It’s over, but not easily forgotten …
Two years ago, on the third weekend in February, my son married the wonderful Kristen.
I’m really glad he made her my bee-loved daughter-in-law and really really glad they did it two years ago on the third weekend in February, even though it meant I missed Kalamazoo’s Bee School. If they’d waited two years and done it this weekend, I would’ve missed Kalamazoo’s best bee school yet, held February 17.
If you ever have the chance to hear Sam Comfort speak, make it happen. He’s one of the most gifted speakers in the industry, with the ability to connect to wanna-bees through commercial guys … who may not like his message, but at least will chew on his food for thought, served in an amenable, upbeat way. We were blessed to have him, and his ukulele, start off a great day of education. Too bad his original tune, Varroa Mite Blues, probably won’t top the charts.
Beekeepers are generally introverts, but get us talking about bees, and we’ll drone on and on. Sam filled the room every break-out session he presented; the rest of us speakers tried to dazzle with riveting talks on hive inspection, pests and diseases, splits and bee-ginning beekeeping, just to name a few. None of us played a ukulele, but we appreciated the chance to talk about our favorite insect nonetheless. Did you know the queen mates with an average of 15 drones, although DNA testing shows a record 60 lucky gentlemen? For the first time we held a frame-making class, with frames donated to the bee club, and folks learning the proper techniques for assembling this important piece of equipment.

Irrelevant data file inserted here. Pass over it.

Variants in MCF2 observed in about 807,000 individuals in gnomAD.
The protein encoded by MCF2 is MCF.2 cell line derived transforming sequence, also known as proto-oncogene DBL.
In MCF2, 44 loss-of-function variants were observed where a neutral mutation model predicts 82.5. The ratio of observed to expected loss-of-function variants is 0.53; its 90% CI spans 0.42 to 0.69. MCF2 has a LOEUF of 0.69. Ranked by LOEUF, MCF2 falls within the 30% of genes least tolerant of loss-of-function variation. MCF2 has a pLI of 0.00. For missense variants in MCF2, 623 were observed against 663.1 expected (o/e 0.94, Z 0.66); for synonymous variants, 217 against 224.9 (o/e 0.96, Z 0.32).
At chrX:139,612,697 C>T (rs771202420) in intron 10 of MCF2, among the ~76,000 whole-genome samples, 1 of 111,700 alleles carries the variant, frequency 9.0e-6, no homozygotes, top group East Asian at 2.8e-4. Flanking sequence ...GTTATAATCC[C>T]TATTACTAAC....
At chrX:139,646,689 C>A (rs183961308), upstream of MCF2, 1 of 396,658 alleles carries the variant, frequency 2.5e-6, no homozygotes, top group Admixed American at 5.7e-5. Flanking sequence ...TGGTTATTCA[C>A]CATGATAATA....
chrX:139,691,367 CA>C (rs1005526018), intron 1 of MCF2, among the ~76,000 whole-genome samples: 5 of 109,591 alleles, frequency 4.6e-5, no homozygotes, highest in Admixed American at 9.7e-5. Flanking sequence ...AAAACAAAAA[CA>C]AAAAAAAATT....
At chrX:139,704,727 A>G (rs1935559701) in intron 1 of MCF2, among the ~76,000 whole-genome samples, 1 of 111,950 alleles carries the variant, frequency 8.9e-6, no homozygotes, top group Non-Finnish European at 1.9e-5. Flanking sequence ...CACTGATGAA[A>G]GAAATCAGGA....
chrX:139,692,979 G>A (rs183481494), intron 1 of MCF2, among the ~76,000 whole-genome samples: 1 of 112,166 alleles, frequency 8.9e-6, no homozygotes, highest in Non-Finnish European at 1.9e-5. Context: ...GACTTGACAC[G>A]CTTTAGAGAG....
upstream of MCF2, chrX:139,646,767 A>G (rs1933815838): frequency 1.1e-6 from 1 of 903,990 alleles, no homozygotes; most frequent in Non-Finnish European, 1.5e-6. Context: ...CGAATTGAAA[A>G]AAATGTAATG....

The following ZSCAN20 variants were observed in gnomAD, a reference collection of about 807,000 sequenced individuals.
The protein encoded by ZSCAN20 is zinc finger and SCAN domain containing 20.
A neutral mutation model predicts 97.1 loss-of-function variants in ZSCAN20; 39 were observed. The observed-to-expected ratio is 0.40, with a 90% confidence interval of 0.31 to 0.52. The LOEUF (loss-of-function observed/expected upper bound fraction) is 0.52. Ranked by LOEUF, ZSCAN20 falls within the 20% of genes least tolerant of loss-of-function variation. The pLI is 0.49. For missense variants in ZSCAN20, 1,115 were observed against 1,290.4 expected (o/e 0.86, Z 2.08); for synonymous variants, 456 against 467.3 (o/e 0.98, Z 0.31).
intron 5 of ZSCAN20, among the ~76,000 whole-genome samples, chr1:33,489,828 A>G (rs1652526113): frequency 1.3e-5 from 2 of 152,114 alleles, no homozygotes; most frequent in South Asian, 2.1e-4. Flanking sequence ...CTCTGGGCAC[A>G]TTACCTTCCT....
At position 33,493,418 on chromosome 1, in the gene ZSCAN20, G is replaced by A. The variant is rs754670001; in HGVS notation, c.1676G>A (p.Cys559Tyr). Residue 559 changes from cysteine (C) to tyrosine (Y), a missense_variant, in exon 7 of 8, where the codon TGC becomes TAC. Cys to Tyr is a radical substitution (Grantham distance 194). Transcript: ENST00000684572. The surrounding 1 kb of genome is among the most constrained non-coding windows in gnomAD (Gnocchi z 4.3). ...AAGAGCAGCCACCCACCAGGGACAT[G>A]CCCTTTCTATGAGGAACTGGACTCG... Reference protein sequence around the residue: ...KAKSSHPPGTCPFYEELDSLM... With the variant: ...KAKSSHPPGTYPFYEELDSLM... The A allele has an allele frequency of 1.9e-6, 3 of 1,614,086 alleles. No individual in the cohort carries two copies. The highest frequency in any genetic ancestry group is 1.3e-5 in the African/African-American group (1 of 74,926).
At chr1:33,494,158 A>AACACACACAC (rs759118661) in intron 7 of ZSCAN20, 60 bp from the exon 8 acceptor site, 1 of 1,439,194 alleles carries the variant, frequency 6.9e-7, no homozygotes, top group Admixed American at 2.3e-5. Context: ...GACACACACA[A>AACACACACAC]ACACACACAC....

February is a hard month for bees and beekeepers alike. Our stinging darlings are fairly cooped up but anxious to start building up for spring; we beekeepers are sick with worry and extremely curious about what’s going on inside their homes. Hopefully something!
If you were one of the couple hundred people who swarmed together yesterday to learn about bees, thanks for your interest in beekeeping. The world desperately needs bees, and for you to become good beekeepers. We invite you to continue your education with the Kalamazoo Bee Club, as well as other opportunities. KBC will have a March meeting in addition to the big Michigan Beekeepers’ Association meeting in East Lansing; check the website for the schedule.
These are just a few pictures from the day; special thanks to Todd and Backyard BeeFriend’s Cathy for the shots.
Couldn’t make it to Bee School but sounds like it was a great success. I heard Sam speak and play at an organic beekeepers gathering a few years ago and learned a lot while being entertained.
I learned so much! I’m glad though that I’ll be going to the KVCC Culinary school for the weekly 101 Bee Class to firm up what I learned.
Daniel Schiffer says
This is my first time attending the Kalamazoo Bee Clinic. I’ve been keeping bees 2 years and this will be my third summer.
I lost all my Bees the last winter so this winter I’ve got fingers crossed.
The Bees are teaching me as we go but I’m not learning fast enough.
Attending this Bee clinic was a breath of fresh air and Charlottes Knowledge of Bees and her professional presentation skills are amazing and will help me from accidentally killing my bees and work with them in a safer manor.
Great presentation Dr. Hubbard?